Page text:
The implementation of the random number generator in the Random class is not guaranteed to remain the same across major versions of the .NET Framework. As a result, your application code should not assume that the same seed will result in the same pseudo-random sequence in different versions of the .NET Framework.

Notes to Inheritors:

In the .NET Framework versions 1.0 and 1.1, a minimum implementation of a class derived from Random required overriding the Sample method to define a new or modified algorithm for generating random numbers. The derived class could then rely on the base class implementation of the Random.Next(), Random.Next(Int32), Random.Next(Int32, Int32), NextBytes, and NextDouble methods to call the derived class implementation of the Sample method.

In the .NET Framework version 2.0 and later, the behavior of the Random.Next(), Random.Next(Int32, Int32), and NextBytes methods have changed so that these methods do not necessarily call the derived class implementation of the Sample method. As a result, classes derived from Random that target the .NET Framework 2.0 and later should also override these three methods.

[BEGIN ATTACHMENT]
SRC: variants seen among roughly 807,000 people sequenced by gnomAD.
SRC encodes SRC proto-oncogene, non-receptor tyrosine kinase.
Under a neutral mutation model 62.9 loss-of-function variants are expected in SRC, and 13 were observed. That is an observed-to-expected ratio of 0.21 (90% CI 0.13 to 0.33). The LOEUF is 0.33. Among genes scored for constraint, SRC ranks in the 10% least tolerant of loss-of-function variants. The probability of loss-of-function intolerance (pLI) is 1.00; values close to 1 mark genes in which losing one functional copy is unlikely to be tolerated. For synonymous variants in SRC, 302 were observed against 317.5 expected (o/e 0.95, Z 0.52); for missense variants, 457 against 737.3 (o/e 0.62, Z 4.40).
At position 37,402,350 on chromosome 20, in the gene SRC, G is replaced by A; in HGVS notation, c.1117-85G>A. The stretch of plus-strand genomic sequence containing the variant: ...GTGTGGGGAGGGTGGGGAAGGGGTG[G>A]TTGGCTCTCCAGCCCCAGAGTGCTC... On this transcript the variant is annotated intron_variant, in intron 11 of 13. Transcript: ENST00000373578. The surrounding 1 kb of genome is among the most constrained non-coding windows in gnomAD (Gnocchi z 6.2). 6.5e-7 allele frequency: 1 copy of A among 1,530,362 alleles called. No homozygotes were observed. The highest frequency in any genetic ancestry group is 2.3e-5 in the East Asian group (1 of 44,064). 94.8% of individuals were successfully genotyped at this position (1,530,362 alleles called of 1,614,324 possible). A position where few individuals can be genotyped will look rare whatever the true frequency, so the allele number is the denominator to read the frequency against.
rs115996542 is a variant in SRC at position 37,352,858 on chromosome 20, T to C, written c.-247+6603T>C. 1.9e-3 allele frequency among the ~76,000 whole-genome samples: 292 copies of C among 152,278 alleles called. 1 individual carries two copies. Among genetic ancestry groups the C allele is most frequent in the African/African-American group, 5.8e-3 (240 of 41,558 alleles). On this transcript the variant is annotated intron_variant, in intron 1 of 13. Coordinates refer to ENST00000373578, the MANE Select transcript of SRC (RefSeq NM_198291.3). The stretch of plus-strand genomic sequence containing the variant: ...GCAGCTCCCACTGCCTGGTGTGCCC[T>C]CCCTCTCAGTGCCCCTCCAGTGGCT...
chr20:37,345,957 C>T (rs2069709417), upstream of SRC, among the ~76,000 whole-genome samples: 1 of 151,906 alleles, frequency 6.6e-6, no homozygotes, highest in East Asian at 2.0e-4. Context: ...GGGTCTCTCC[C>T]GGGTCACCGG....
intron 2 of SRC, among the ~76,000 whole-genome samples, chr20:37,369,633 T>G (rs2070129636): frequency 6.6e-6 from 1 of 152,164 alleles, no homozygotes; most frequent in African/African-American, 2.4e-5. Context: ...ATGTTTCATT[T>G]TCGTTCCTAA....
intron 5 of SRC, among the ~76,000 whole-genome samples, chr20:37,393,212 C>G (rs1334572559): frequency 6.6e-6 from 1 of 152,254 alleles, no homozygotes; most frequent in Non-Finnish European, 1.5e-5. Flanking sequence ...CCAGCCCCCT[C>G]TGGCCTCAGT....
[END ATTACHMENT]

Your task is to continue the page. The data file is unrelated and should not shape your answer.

The following example creates a single random number generator and calls its NextBytes, Next, and NextDouble methods to generate sequences of random numbers within different ranges.

// Instantiate random number generator using system-supplied value as seed.
Random rand = new Random();
// Generate and display 5 random byte (integer) values.
byte[] bytes = new byte[4];
rand.NextBytes(bytes);
Console.WriteLine("Five random byte values:");
foreach (byte byteValue in bytes)
   Console.Write("{0, 5}", byteValue);
Console.WriteLine();   
// Generate and display 5 random integers.
Console.WriteLine("Five random integer values:");
for (int ctr = 0; ctr <= 4; ctr++)
   Console.Write("{0,15:N0}", rand.Next());
Console.WriteLine();
// Generate and display 5 random integers between 0 and 100.//
Console.WriteLine("Five random integers between 0 and 100:");
for (int ctr = 0; ctr <= 4; ctr++)
   Console.Write("{0,8:N0}", rand.Next(101));
Console.WriteLine();
// Generate and display 5 random integers from 50 to 100.
Console.WriteLine("Five random integers between 50 and 100:");